Latin and Greek are the “classical languages” of western civilization. For centuries, scholars have studied these languages to gain access to ancient literature, poetry, and historical writings.
Numerous vocabulary words borrowed from Latin and Greek have enriched the English language. Scholarly and technical vocabulary terms can often be traced back to Latin or Greek roots.
As the timeline below shows, many of the most famous ancient Greek literary works were written before the Latin ones.
In light of that, it is no surprise that Latin has borrowed many vocabulary words from Greek.
The Roman empire and Greeks fought many wars, and after the Battle of Corinth in 146 BC, most of Greece became part of the Roman empire. The linguistic implication is that Greek and Latin are languages which were in very close contact.
In the table below, we have selected some of the Greek vocabulary words which were borrowed by Latin.
|English translation of Latin||Latin word||Original Greek word|
While the Greek and Latin alphabets can both be traced back to the Phoenician alphabet, there is an even closer connection between them.
In fact, the Greek alphabet is the ancestor of the Latin alphabet. This is because the Latin alphabet comes from the Etruscan alphabet, which itself descends from a variant of the Greek alphabet.
Going further back, the Greek alphabet descends from the Phoenician alphabet, but the difference between the two is significant because the latter only had symbols for consonants.
Interestingly, the Latin alphabet is not the only major alphabet that is derived from the Greek alphabet. The Cyrillic script which is used by several Slavic languages is also derived from the Greek alphabet.
The table below shows the 24 letters of the Greek alphabet:
Notice how the word “alphabet” is formed from the two first letters of the Greek alphabet: “alpha” and “beta”.
To English speakers, the Latin alphabet is more familiar than the Greek alphabet. The reason is that English is written with the Latin script which is based on the classical Latin alphabet which the Romans would use to write Latin.
For this comparison of Greek and Latin, we have selected some phrases and famous quotes in both of these ancient languages.
Many of those who learn a language of the classics are interested in ancient wisdom, and in seeing how humans thought two thousand years ago.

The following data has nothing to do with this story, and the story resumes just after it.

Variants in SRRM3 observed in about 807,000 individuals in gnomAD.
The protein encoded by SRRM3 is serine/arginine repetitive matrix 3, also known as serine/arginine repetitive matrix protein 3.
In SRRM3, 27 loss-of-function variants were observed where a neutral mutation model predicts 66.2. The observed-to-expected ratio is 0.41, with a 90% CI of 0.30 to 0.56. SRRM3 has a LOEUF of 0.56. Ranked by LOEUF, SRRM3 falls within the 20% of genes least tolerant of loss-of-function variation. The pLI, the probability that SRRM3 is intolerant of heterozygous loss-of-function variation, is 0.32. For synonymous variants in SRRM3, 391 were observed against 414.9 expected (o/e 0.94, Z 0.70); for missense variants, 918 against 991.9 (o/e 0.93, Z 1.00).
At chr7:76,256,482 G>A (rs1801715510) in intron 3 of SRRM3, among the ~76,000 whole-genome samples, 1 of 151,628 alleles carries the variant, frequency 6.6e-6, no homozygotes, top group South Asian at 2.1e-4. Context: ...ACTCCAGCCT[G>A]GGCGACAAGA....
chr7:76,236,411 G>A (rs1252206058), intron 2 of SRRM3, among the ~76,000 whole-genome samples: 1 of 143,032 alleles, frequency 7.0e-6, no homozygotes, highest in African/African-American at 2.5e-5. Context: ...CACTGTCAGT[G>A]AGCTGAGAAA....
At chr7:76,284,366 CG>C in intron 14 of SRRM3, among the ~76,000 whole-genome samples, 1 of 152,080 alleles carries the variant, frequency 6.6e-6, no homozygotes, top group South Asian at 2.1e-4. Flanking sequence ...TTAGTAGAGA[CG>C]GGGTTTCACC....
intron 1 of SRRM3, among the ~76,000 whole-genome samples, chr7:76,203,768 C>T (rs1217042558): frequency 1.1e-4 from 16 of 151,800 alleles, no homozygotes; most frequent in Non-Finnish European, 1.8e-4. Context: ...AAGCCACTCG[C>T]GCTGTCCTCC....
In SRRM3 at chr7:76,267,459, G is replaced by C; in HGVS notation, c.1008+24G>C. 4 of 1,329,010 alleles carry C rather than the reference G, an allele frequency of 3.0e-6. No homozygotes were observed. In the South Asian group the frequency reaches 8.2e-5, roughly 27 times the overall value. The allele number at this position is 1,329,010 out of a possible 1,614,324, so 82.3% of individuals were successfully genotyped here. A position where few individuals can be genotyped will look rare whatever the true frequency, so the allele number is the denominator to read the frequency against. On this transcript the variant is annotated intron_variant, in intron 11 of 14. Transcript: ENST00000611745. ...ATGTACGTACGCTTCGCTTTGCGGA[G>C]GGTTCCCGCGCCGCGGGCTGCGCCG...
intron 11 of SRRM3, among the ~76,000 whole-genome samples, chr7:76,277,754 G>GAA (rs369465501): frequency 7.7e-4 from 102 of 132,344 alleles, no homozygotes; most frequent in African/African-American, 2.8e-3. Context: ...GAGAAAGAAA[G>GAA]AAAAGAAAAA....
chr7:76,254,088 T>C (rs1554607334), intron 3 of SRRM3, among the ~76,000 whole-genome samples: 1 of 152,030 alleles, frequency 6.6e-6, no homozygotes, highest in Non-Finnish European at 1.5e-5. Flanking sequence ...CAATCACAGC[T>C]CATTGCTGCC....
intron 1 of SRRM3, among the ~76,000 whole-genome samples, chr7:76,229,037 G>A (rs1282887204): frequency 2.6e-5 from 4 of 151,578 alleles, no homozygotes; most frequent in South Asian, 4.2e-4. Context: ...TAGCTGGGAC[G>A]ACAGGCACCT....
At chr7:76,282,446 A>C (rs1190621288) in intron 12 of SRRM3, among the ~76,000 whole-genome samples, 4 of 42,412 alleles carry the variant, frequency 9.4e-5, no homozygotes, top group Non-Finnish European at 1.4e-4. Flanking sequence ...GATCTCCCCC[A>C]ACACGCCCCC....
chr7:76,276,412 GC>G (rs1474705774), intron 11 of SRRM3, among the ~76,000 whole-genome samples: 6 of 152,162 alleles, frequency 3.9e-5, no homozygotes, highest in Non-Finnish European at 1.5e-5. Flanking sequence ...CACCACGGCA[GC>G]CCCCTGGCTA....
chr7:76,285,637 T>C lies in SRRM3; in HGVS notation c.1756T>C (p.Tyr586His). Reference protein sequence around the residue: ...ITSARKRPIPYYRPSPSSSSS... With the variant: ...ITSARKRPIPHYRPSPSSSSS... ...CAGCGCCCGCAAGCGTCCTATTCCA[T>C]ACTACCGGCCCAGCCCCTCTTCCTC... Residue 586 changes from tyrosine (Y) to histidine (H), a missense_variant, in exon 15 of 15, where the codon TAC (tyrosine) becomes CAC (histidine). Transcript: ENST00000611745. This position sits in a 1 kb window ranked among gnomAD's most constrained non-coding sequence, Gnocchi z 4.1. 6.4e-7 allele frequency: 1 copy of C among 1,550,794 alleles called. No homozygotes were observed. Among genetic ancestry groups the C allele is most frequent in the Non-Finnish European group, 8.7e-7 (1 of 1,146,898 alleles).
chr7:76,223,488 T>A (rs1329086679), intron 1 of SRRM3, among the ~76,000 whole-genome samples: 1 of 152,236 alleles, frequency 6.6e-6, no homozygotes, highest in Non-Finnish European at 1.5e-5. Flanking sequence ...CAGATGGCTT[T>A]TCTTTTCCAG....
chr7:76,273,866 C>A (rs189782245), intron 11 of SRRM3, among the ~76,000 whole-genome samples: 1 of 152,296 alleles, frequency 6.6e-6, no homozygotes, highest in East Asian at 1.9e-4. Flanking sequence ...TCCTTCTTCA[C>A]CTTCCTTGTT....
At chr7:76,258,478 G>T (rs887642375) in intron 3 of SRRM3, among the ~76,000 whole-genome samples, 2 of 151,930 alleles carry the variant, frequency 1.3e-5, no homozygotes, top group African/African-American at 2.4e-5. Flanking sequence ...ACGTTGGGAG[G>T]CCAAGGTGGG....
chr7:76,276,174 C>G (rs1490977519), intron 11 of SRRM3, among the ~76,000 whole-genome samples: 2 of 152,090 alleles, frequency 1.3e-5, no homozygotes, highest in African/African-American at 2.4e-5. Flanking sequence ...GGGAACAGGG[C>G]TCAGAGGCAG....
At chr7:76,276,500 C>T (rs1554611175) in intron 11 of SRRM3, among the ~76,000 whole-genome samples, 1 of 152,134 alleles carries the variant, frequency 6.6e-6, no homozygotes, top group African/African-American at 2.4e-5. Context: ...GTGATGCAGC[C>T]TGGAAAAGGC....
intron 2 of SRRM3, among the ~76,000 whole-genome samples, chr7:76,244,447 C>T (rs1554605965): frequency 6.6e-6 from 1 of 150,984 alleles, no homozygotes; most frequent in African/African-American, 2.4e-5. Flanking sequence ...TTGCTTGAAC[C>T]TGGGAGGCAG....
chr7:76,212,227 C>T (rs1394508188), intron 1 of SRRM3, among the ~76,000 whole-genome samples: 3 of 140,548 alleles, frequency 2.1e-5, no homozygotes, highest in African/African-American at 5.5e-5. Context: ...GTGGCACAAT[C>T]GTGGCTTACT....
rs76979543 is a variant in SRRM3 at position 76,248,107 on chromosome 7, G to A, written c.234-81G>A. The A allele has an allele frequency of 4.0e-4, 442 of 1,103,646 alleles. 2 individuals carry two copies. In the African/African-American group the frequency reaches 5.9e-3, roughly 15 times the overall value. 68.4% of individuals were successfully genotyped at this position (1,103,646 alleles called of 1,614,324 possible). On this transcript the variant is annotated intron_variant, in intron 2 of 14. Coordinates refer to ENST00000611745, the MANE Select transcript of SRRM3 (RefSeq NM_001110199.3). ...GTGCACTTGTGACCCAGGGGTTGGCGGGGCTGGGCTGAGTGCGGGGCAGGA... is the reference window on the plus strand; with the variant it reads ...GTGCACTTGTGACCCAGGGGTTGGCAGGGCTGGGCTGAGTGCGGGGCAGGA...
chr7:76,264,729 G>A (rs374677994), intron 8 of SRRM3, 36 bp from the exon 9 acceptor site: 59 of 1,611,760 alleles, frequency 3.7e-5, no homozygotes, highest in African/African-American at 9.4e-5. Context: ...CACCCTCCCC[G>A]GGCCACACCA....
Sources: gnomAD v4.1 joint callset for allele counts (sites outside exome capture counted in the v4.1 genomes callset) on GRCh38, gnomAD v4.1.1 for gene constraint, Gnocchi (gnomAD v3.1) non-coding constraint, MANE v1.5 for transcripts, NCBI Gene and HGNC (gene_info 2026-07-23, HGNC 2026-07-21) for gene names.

Both Latin and Greek belong to the Indo-European family of languages, and as a consequence they share a certain number of common grammatical features such as having 3 grammatical genders (masculine, feminine, and neuter)
In addition, Latin and Greek both rely on inflections (changes in word endings) to indicate grammatical cases.
Besides these similarities, there are a few interesting grammatical differences between Latin and Greek. For instance, Ancient Greek has a “dual” grammatical number (in addition to “singular” and “plural”), while Latin doesn’t.
The “dual” grammatical number existed in the Proto-Indo-European language (the reconstructed common ancestor to all Indo-European languages), it was preserved in Ancient Greek and Sanskrit, but disappeared from Latin.
Another difference between Latin and Ancient Greek concerns articles (in English, articles are the words “the”, “a”, and “an”). Latin simply doesn’t have articles, whereas Ancient Greek has definite articles but no indefinite articles.Conclusion
Latin and Greek have in common their status as the “classical languages” of western civilization.
The influence which Greek has had on Latin can be seen in the Latin alphabet as well as in many loanwords which Latin has borrowed from Greek.
Learning some Latin and Greek vocabulary words is easy, because there are many English words which come from Latin and Greek. However, mastering these languages is more difficult because their grammar is fairly different from English grammar.
For more on ancient Languages, see this comparison of Latin vs Sanskrit. To see more examples of Latin vocabulary words, see this list of the 1000 most common Latin words.